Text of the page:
Oils such as pump oil, motor oil and other machine oils are recyclable. These materials should be placed in a plastic container, sealed and labeled as Used Oil. Do not label them as hazardous waste or as waste oil. The used oil should be disposed via the weekly waste pickup.
Broken Glass Sharp Implements
Sharp objects, such as razor blades, knives, and broken glass should be packaged in a puncture-proof jar or box and placed in the regular trash. Pre-packaging helps to avoid injury to janitors or others handling the trash.
Empty Chemical Containers
Empty chemical containers should be triple-rinsed and recycled or placed in regular trash.
Handling Hazardous Waste
Materials that are to be disposed of as hazardous must be placed in sealable containers. Containers should be filled, leaving a headspace for expansion of the contents. Often the original container is perfectly acceptable. If you routinely generate significant quantities of compatible solvents, bulking of waste in five-gallon carboys provided by EHS may be practical.
Similar wastes may be mixed if they are compatible (e.g solvents, linseed oil and oil-based paint).
Containers must be kept closed except during actual transfers. Do not leave a hazardous waste container with a funnel in it.
Waste containers must be labeled as hazardous waste as soon as the material is first put into the container. Waste container labels are available on each flammable liquid storage cabinet and through the sculpture shop. Be sure to include the name and phone number of a person that can be reached on the day of the waste pickup.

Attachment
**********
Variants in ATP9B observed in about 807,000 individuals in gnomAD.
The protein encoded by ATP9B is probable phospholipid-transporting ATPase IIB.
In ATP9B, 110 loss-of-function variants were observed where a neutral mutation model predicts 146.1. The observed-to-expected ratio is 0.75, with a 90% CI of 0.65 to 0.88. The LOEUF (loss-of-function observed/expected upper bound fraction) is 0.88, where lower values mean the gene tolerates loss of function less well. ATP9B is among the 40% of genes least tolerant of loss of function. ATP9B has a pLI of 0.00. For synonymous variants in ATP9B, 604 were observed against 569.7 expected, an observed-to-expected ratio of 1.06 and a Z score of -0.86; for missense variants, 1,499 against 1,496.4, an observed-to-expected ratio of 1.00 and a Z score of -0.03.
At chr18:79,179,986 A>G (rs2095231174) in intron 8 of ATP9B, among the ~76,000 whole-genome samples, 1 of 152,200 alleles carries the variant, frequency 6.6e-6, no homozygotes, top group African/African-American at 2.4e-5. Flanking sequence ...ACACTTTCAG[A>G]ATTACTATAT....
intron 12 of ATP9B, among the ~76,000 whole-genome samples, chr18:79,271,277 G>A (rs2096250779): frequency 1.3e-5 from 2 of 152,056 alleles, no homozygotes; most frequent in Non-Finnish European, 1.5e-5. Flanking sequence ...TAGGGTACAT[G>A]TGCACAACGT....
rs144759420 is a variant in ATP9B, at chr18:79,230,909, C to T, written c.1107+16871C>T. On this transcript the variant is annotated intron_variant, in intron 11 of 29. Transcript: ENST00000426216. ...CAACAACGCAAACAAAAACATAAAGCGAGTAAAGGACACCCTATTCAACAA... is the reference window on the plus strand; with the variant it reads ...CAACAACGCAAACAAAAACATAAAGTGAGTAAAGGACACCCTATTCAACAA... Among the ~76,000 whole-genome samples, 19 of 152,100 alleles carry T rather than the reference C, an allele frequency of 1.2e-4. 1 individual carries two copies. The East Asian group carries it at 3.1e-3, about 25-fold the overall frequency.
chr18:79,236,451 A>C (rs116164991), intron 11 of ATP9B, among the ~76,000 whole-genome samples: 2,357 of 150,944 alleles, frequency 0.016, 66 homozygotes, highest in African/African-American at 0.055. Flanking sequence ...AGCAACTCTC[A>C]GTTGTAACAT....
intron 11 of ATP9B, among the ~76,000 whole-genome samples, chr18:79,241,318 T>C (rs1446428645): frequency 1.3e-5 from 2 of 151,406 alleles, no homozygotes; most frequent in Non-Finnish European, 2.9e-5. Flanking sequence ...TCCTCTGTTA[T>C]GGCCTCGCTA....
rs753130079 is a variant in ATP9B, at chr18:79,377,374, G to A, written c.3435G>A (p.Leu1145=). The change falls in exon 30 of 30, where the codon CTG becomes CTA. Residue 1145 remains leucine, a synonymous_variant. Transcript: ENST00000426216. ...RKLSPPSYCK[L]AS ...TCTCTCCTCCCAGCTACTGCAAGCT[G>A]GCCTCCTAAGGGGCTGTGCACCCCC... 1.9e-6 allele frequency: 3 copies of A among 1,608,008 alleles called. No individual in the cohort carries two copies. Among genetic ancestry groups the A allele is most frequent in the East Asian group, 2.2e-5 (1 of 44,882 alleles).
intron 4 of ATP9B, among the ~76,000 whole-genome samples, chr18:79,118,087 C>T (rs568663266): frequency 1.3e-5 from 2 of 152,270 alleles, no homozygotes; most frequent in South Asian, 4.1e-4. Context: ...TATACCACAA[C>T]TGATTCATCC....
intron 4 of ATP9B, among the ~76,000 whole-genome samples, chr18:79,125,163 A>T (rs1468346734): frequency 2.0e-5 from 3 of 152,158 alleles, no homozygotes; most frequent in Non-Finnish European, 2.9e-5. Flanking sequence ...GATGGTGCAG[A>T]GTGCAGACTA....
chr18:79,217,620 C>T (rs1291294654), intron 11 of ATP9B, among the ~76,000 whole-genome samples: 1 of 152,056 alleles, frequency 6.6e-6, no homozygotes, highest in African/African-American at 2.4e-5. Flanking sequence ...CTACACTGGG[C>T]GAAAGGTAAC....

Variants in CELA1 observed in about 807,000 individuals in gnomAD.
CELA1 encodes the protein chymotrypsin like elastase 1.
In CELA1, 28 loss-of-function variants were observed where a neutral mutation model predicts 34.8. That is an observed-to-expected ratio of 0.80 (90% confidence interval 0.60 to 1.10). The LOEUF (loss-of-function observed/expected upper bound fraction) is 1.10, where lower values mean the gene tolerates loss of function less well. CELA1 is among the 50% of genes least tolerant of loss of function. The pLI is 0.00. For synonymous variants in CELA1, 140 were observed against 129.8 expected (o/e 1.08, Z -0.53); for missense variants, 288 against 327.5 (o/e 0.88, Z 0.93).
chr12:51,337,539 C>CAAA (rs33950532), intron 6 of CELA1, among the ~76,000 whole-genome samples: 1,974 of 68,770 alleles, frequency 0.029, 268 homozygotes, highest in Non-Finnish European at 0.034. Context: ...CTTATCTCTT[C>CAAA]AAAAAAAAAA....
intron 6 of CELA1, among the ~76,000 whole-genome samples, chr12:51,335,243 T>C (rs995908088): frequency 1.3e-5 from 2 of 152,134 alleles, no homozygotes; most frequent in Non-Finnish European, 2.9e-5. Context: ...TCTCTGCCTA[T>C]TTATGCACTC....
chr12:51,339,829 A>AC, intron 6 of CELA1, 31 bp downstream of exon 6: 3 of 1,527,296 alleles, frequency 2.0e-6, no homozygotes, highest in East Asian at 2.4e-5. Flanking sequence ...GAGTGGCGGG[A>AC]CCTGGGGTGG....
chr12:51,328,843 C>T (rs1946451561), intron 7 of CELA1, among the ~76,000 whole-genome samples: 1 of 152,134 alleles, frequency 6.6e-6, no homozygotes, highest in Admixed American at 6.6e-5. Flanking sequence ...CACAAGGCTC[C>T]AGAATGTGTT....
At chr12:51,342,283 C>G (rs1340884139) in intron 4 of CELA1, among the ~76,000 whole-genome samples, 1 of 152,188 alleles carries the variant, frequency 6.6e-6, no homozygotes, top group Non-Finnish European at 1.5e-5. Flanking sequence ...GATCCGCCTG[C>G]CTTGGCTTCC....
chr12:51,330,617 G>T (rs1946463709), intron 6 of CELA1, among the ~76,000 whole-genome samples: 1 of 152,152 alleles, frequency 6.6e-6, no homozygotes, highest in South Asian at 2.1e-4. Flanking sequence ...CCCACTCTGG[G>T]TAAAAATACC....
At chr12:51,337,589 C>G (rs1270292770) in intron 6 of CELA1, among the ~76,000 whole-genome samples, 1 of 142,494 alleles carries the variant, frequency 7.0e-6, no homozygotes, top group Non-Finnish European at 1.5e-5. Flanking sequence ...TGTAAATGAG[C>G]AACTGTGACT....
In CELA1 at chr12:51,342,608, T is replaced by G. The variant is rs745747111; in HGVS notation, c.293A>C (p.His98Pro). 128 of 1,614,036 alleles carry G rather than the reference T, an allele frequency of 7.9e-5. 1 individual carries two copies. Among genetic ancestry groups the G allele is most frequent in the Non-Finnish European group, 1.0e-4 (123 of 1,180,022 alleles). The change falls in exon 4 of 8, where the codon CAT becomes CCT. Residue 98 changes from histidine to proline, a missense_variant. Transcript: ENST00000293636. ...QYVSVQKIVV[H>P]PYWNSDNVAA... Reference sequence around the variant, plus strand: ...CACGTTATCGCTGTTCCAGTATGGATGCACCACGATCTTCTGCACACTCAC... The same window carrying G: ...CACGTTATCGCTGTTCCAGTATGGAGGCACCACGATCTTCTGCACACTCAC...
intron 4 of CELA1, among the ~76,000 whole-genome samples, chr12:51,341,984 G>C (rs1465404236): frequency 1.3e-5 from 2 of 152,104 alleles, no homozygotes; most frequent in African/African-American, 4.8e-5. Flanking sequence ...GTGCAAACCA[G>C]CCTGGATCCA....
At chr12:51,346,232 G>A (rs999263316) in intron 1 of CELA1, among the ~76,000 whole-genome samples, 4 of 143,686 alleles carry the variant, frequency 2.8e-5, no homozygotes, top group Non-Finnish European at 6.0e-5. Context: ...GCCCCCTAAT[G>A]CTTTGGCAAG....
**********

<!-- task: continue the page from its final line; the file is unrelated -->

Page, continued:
- Place the waste materials in an appropriate waste container.
- Seal the container. Do not leave a funnel in an open container.
- Ensure the container has a completed hazardous waste sticker on it. If there is no room for a sticker, or if a sticker is not immediately available, write the words "Hazardous Waste" on the container and ensure that the contents are clear.
- Once the container is full, inform the sculpture shop to ensure that it is included with the next scheduled waste pickup.
- As of March 2017, the vendor will collect waste directly from the point of generation. Use the Waste Pickup Request Form or contact the Visual Arts technical manager to arrange pickups.
Collection takes place Thursdays, excluding University holidays and closings.
- Don’t purchase more of a material than you expect to use in the foreseeable future. The costs of disposal often exceed the purchase cost by a considerable margin.
- Substitute with a less hazardous material whenever possible.
- Consistent with safe practice, bulk compatible waste in containers up to five gallons in capacity to reduce disposal costs (consult with EHS first).
- Keep all chemical containers clearly and unambiguously labeled.
- Dispose of your wastes at the completion of a project - don’t abandon them for someone else to deal with later.
For more information, see Chemical Waste Disposal.